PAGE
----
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Discussion Starter · #6 ·
The hot to neutral reading could be light bulbs or appliances still plugged into the circuit.
AHA! So even though the circuit power was off, and even though they were all turned off, things such as light bulbs and appliances can still add a load to the circuit, and add resistance to the circuit? I hope I understand now. Anyway, I just physically disconnected everything from that circuit that I could, and re-tested, and sure enough, hot to neutral and hot to ground now read infinite resistance. It turned out to be two particular places where things had been plugged in: A light bridge with six CFLs, and a multi-receptacle surge protector with a phone, answering machine, and fan plugged into it. So it now looks safe for me to continue. Thank you.
 

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Why are you reading Resistance? No one reads resistance when working on electrical circuits, to install new outlets, switches or fixtures. As long as you have connected everything correctly, just flip on the breaker and move on to the next project.
Actually

Everyone SHOULD BE reading resistance and the USA is behind the ball on this.

In commercial installations we perform insulation resistance test all the time (aka MEGGER, typical test voltage 1000 VDC).


To the OP as noted by others you are most likely reading through some equipment connected to the circuit.

If the resistance was that low at 9 VDC (test voltage of your meter) you would trip the GFCI when it is connected, heck your should have tripped the CB if the low resistance was not from a piece of equipment.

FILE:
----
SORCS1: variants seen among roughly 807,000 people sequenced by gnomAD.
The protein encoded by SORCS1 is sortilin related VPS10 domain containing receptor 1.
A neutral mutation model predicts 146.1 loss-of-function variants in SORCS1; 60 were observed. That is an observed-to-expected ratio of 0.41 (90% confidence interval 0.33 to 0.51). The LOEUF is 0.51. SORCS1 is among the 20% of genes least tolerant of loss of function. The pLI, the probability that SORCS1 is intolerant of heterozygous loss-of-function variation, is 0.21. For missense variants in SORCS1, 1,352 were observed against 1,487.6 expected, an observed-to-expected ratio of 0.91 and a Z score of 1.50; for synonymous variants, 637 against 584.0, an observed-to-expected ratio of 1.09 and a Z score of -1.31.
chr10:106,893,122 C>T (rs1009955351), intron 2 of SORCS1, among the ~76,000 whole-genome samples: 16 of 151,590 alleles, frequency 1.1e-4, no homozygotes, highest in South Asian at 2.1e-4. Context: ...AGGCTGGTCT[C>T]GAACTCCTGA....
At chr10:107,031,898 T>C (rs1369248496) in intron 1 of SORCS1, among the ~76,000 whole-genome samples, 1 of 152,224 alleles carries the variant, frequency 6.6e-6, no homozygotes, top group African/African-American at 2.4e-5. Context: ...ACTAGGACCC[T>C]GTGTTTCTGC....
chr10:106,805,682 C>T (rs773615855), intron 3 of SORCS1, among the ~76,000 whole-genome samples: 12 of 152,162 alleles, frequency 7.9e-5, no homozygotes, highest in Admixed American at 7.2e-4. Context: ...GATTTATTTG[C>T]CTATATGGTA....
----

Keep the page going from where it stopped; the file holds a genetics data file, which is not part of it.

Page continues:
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Actually

Everyone SHOULD BE reading resistance and the USA is behind the ball on this.

In commercial installations we perform insulation resistance test all the time (aka MEGGER, typical test voltage 1000 VDC).


To the OP as noted by others you are most likely reading through some equipment connected to the circuit.

If the resistance was that low at 9 VDC (test voltage of your meter) you would trip the GFCI when it is connected, heck your should have tripped the CB if the low resistance was not from a piece of equipment.
Incorrect. No one has a need to check resistance when putting in switches, outlets, lights, etc.. MegOhm tests would not do anything for the homeowner. They are rarely done, unless it is by a utility when they are checking their service lines for problems.

Even we never did MegOhm tests, unless it was a piece of equipment or Shorepower cables, which only the E1 did, because if he screwed up, he was the only one answering to the higher ups.
 

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While not commonly done, thre is no harm in testing, especially before the drywall goes up. Way easier to replace a damaged cable than ripping out drywall looking for the issue.
 

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Incorrect. No one has a need to check resistance when putting in switches, outlets, lights, etc.. MegOhm tests would not do anything for the homeowner. They are rarely done, unless it is by a utility when they are checking their service lines for problems.

Even we never did MegOhm tests, unless it was a piece of equipment or Shorepower cables, which only the E1 did, because if he screwed up, he was the only one answering to the higher ups.
And there sir you show your total lack of understanding of electrical testing and safe wiring practices.

With the implementation of AFCI breakers insulation resistance testing will become the norm.

I
 

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You can do it without power.
You must turn off power before doing resistance/continuity checks, otherwise you will blow out the meter.